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"TSA May Opt For 3D Tech At Airport Checkpoints"


 

Friday, March 3, 2017

 

TSA May Opt For 3D Tech At Airport Checkpoints

WFOR TV Ch 4 (CBS), Miami (FL)

 

 

MIAMI (CBSMiami) — The TSA expects to screen the highest number of travelers in a decade during this spring break travel period, so to speed things up their considering new scanners for carry-on bags.

 

The machines produce 3D images similar to CT scans – something considered game changing.

 

Machines used today would make it impossible to spot a knife in a bag but the new 3D CT Technology, which provides side-by-side images on a touch screen that can zoom and spin a bag for a true 360 degree view, would make it easier to spot.

 

Mark Laustra is a vice president at Analogic, one of about five companies developing CT scanners for airport checkpoints.

 

As for radiation, Laustra said the machines produce the same amount as the system that is at the checkpoint now.

 

The machines can detect explosives in laptops, liquids, and gels, which means the days of having to take things out of your carry-on bag could be numbered. The clearer picture of what is inside should reduce the need for secondary bag checks.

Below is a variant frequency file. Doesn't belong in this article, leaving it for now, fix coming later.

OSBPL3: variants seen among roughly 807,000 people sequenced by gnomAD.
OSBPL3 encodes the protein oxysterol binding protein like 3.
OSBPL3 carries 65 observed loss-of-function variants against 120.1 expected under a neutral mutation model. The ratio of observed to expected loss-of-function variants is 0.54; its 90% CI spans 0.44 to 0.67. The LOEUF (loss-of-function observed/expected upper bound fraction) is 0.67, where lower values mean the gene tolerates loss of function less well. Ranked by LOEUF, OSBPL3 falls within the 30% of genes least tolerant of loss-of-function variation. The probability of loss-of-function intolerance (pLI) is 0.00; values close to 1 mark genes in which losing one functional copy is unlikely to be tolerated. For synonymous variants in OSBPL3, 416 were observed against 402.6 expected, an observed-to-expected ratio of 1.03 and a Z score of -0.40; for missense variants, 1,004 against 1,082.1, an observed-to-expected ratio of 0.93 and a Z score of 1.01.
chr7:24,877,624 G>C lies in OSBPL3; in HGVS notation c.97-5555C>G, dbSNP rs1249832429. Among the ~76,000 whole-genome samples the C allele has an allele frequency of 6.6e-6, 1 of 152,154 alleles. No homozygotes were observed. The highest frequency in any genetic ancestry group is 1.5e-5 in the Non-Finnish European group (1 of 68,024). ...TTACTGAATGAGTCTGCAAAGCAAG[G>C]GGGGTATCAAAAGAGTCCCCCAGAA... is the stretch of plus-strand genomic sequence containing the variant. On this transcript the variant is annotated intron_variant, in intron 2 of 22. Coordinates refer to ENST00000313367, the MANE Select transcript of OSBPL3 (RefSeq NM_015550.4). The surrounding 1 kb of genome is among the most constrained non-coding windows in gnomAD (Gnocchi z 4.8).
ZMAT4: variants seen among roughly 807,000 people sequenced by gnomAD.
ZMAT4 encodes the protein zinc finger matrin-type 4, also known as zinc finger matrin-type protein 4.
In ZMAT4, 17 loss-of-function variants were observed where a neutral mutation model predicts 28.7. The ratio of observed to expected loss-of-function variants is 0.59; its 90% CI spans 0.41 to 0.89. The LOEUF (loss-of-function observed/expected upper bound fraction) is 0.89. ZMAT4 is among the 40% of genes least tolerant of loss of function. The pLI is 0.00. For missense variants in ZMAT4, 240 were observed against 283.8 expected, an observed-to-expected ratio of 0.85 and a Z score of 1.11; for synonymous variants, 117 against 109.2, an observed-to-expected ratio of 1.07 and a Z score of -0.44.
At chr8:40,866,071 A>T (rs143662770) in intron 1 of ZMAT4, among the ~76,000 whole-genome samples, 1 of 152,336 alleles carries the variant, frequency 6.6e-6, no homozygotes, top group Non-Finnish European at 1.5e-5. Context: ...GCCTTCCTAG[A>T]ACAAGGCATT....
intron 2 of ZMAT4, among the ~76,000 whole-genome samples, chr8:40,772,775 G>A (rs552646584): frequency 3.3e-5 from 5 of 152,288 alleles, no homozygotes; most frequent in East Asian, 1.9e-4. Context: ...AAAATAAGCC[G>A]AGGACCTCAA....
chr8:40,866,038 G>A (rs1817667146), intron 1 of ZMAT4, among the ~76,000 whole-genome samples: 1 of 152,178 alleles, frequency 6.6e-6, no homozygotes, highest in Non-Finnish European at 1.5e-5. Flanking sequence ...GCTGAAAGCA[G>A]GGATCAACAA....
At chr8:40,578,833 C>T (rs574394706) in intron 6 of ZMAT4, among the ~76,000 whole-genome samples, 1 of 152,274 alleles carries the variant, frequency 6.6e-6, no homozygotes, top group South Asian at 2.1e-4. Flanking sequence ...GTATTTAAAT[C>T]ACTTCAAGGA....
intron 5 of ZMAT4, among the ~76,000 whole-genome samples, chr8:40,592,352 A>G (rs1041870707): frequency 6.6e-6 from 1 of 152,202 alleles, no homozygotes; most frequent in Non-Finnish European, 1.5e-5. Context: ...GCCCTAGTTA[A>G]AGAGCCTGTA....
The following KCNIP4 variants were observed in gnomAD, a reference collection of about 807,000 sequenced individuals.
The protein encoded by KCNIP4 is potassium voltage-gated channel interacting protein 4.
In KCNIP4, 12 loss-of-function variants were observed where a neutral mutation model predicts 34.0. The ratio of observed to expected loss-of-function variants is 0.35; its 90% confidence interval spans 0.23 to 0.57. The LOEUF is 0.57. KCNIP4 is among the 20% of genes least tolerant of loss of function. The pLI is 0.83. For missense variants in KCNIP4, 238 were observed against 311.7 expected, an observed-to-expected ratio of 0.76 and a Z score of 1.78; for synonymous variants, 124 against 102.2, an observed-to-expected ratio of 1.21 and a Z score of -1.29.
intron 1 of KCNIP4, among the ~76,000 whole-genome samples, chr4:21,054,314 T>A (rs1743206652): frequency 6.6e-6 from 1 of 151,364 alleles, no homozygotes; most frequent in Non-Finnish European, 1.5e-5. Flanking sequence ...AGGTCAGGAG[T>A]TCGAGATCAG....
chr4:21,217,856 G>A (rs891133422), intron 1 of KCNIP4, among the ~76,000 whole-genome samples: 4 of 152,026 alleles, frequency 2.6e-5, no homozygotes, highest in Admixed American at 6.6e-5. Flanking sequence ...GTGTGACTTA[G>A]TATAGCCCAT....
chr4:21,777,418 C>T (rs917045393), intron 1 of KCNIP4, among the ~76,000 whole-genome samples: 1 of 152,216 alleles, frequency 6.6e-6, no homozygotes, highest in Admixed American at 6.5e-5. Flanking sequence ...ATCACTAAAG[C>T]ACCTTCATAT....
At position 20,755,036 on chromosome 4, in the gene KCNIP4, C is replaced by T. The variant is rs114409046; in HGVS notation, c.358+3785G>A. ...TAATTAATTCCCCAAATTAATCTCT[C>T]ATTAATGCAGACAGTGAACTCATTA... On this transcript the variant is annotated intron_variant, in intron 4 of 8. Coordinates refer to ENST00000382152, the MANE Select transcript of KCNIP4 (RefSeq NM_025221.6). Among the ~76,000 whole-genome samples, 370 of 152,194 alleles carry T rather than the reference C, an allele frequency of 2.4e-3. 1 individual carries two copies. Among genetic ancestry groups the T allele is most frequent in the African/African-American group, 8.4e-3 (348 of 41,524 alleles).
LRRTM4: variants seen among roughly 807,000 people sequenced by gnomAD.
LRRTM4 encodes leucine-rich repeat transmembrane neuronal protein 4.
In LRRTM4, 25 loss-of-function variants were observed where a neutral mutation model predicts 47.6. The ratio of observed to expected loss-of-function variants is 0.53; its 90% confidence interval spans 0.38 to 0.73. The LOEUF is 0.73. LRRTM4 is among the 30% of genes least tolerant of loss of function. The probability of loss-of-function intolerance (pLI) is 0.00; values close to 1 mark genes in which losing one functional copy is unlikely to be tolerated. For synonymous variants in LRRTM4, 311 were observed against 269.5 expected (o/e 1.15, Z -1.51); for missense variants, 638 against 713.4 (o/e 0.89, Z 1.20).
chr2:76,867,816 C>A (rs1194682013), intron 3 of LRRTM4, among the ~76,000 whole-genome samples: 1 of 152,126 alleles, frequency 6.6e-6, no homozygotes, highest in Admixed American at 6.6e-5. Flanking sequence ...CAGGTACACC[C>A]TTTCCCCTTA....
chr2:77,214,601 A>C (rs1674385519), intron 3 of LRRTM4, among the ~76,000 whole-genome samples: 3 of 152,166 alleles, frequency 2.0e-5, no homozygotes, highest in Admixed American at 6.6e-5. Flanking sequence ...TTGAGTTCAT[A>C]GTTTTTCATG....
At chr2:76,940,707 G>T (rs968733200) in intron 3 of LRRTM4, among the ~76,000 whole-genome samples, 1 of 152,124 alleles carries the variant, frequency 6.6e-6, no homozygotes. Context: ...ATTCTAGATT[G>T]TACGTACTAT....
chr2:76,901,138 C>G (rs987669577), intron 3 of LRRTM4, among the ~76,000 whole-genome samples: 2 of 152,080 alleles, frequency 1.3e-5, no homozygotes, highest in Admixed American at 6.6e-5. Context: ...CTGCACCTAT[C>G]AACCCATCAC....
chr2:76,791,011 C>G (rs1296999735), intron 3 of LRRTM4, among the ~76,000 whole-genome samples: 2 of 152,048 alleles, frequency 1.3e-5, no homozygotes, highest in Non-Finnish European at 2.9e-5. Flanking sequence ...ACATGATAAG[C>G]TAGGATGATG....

When paired with new automated lanes already being tested at airports, Analogic believes the CT scanners should increase productivity at checkpoints by as much as 50-percent.

 

A 2015 internal review revealed that TSA officers failed to detect 95-percent of fake explosives and weapons smuggled through checkpoints by undercover investigators.

 

“I think it’s going to be tremendously better,” said the TSA’s Chief Technology Officer Steve Karoly.

 

He says the CT technology has promise, but more testing is needed before it can be rolled out.

 

“It may look good, just we’ll say specific portions of it, but these technologies have to meet not just the technical requirements, but safety requirements, operational requirements,” said Karoly.

 

TSA and American Airlines expect to test the new scanners in major airports over the summer – about six months behind schedule.

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